An End-to-End Solution

Underlying GeoVision's unique deep-learning functionality is a comprehensive system comprising cameras, recording servers, and a video control center. It connects with GeoVision and third-party IP cameras through standard protocols as shown in Figure 1. This scale is made possible by Intel® processors that increase video-processing efficiency and deep-learning capability.

Figure 1: GeoVision Smart Video Management System

Based on Intel® x86 architecture, GV-VMS fully utilizes the Intel® Core processor. When combined with an implementation of the Intel® OpenVINO™ toolkit, performance of deep learning-driven video analytics is boosted eight to tenfold. This enables a greater capacity for simultaneous video processing without any additional requirements.

GeoVision cameras have the ability for deep learning at the network’s edge. The cameras can send alerts when something is detected rather than transmitting all the video to a central location for analysis, reducing delay before action can be taken.

Most cities also have legacy video systems with cameras, gateways, and software. GeoVision application programming interfaces (APIs) and a software developer’s kit (SDK) allow connectivity with legacy hardware and software. The GeoVision Control Center provides unified cloud management software, integrating all IP cameras into an overall security and management system.

In one example, Vatican City has been using video surveillance systems for decades. Over the years, this resulted in different cameras, gateways, and software tools from multiple vendors. Working with GeoVision, Vatican City strategically integrated old cameras and software into a central surveillance solution. Cameras in important government buildings, churches, chapels, and intersections are under central control. The GeoVision solution creates a unified system—monitoring video feeds across 140 sites across Rome.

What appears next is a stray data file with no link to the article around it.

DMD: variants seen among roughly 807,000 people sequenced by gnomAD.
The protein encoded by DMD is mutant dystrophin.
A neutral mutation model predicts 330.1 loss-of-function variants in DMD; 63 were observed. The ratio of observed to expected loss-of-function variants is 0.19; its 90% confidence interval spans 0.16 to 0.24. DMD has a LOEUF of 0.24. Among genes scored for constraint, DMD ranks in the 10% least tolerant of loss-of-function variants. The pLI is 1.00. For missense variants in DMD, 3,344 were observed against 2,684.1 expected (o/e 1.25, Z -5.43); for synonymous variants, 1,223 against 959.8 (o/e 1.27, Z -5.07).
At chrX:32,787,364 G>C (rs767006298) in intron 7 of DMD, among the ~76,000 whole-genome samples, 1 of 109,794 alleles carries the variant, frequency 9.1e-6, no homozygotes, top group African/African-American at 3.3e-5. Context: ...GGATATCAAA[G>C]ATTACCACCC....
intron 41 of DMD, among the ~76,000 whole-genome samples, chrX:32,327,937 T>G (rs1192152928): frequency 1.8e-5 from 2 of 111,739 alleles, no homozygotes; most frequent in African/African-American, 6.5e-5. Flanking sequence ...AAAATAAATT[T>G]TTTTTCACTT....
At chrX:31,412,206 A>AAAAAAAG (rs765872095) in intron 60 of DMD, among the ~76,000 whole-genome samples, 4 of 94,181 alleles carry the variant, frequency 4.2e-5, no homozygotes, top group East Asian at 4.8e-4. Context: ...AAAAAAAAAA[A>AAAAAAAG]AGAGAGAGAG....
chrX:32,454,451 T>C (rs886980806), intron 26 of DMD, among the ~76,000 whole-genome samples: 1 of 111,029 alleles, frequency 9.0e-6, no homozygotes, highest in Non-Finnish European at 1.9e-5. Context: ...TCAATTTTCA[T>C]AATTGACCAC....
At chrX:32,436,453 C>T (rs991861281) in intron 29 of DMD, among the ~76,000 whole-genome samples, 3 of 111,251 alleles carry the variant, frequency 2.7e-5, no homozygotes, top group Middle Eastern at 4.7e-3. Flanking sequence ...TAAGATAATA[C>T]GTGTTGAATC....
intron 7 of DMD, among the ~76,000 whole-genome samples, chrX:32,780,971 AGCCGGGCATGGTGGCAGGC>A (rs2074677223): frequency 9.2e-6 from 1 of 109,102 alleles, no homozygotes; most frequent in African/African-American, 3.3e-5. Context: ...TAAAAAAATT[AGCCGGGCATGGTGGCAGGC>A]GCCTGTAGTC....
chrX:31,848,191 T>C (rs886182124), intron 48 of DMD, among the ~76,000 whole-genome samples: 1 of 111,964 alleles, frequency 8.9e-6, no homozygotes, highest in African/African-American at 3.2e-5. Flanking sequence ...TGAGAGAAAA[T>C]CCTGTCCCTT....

Smart and Scalable

The solution can scale to effectively any level of video use. A single implementation can manage up to 57,600 video streams. The system transfers video data to the unified cloud management system, which can monitor and control more than 1,000 GV-VMS systems. On the back end, big data storage is available in the customer's data center or in the cloud, using Intel processor-based servers.

The Smart Video Management Solution also integrates with other systems, like fire detection or access control–extending its overall functionality. Connected with access control, as an example, the solution could use facial recognition to allow people into restricted areas of any sort, whether limited building or parking access. It can display data from other systems in a centralized window.

By combining deep learning and the ability to integrate with other hardware and software, cities can use solutions like those from GeoVision to improve video surveillance. Deep learning improves automated responses, integration improves operational efficiency, and scalability means that a city won’t outgrow the capabilities of the video system.

“When it comes to a city scenario, a traditional video surveillance solution covers all the basics. But once a project grows to city scale, in just one day you can have thousands of hours of recording. It takes too long and too many people to actually pinpoint something that you’re looking for. The GeoVision solution makes it easier for the operator to isolate exactly who or what they are looking for,” said Lin.

About the Author

Erik Sherman

Erik Sherman is a journalist, analyst, and consultant with a background in engineering, technology, and business management. He's written about such topics as semiconductors, enterprise software, logistics, software development, advertising technology, scientific instruments, biotechnology, economics, finance, marketing, and public policy.